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What stats show: England may have the pace, but slower bowling dominates 1st Test

Mark Wood has bowled the fastest spell by an English bowler at home since such data has been recorded. However, statistics show England might have gone wrong in opting for extra pace.

By: Sports Desk | Updated: July 11, 2020 5:06:33 pm
England Ben Stokes is captaining England for the first time in the 1st Test vs West Indies. (Twitter/EnglandCricket)

England have resumed international cricket with a blistering pace attack in the 1st Test vs West Indies, but statistics show their recourse to extra speed has been ill-suited to conditions in Southampton. Had Ben Stokes, in going for his Durham teammate Mark Wood over the slower but perhaps more probing Stuart Broad or Chris Woakes, already made his first strategic blunder before the first ball of the match?

Mark Wood’s average speed in this Test has been 144.64 kph, or 89.88 mph, the fastest innings performance by an English bowler in a home Test since such data has been recorded from 2006. He bowled a ball at 152.7 kph on Day 3,the fastest ball of his Test career.

Follow LIVE | England vs West Indies 1st Test Day 4

Wood’s returns in the first innings were meagre though. His only wicket in a spell of 1-74 was West Indies No. 11 Shannon Gabriel. Jofra Archer, the other ace of pace in the England attack, went wicketless.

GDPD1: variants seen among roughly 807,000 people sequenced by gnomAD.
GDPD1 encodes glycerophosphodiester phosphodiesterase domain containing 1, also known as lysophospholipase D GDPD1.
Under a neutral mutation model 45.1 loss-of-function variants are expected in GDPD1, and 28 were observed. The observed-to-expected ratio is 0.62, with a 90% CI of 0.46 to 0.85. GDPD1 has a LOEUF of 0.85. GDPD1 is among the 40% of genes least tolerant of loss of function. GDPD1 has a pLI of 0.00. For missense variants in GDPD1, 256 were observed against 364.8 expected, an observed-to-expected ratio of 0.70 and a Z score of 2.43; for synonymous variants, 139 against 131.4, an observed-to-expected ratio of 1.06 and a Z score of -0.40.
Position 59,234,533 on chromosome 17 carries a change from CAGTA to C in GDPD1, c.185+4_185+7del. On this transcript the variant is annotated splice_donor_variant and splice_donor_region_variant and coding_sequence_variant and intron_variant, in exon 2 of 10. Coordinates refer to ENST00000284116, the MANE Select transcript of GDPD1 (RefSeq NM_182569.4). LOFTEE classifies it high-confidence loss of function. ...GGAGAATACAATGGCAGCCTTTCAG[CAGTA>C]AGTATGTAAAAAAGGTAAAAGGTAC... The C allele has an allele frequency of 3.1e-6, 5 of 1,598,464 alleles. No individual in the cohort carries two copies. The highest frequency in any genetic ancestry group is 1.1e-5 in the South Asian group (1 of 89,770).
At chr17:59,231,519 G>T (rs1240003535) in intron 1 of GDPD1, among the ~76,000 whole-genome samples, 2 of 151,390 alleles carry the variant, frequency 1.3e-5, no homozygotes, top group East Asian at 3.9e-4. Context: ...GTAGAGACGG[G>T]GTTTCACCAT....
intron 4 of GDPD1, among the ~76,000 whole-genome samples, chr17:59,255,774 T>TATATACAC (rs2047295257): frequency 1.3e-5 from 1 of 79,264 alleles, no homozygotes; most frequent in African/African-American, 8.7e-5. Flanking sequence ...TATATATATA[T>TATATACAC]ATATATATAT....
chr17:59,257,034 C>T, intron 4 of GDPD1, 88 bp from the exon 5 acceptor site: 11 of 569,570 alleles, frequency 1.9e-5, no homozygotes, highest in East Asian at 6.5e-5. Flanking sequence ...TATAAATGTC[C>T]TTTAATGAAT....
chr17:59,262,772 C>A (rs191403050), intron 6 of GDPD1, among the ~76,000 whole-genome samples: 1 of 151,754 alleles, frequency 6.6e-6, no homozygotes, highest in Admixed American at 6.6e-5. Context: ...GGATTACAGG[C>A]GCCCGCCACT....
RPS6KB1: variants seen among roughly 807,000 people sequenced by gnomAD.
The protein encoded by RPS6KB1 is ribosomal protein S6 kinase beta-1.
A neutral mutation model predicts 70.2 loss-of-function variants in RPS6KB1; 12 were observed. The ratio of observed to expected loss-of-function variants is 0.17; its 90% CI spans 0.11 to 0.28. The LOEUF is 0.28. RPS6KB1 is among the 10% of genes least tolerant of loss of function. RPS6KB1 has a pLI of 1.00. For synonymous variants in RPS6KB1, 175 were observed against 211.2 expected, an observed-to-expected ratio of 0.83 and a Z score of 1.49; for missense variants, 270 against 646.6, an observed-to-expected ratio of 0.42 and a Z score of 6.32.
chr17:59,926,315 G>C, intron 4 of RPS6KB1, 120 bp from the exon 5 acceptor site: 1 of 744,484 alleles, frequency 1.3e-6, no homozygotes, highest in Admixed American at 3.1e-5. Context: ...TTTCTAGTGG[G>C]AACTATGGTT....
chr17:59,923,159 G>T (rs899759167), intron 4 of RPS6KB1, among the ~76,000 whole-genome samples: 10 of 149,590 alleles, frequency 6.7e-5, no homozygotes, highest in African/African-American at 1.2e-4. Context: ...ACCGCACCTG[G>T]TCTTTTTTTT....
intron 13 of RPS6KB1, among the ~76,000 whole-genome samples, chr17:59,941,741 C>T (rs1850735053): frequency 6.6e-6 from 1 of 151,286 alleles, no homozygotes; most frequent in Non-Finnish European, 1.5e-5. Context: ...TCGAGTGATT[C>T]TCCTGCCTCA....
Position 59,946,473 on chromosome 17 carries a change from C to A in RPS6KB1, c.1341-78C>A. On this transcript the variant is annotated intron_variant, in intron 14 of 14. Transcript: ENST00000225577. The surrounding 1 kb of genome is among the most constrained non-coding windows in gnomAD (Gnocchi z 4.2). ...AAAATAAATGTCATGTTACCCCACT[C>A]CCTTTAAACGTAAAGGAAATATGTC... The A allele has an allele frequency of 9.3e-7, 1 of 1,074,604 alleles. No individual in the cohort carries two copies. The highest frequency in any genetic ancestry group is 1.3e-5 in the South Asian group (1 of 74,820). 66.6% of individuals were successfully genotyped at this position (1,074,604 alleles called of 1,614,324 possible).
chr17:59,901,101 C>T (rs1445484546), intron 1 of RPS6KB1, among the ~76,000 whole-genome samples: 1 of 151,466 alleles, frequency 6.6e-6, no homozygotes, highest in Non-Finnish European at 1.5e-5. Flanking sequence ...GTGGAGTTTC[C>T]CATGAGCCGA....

Anderson, who bowls at just above 80 mph, was the one who bowled the most overs. He delivered 11 maidens in his 25 overs. England’s three other seamers delivered 10 between them.

As this Cricviz analysis shows, balls above 88 mph have been the least productive in the Test. Jason Holder and James Anderson, two bowlers whose average speeds are in the lower 80s have been the most successful.

Speaking from the commentary box on Day 3, Nasser Hussain said England has traditionally looked for extra pace from fast bowlers – “Duncan Fletcher (England coach during his time), for instance, only looked for extra pace in a bowler”. They might have found the answers to their prayers in Wood, but the answer seems to have come at an inopportune time.

“Obviously you need control,” James Anderson said after the day’s play on Friday. “We saw West Indies bowl well. They had a couple of bowlers who offered control in Holder and (Kemar) Roach and that gave the quicker guys the freedom to bowl fast. You need a balance.”

Generating seam movement has seemed to be the way to go in the 1st Test so far. Jofra Archer and Ben Stokes have been the bowlers who have found the least movement in the match.

Read| Jason Holder unleashed: World No.1 makes a statement

As an analysis showed during the day’s play on Friday, West Indies bowlers had extracted 1.7 degrees of swing, while England — even with the king of swing James Anderson in their ranks — were only able to manage 0.8 degrees.

As Hussain mentioned, in English conditions, probing lines at gentle pace has often proved to be more venomous than express pace.

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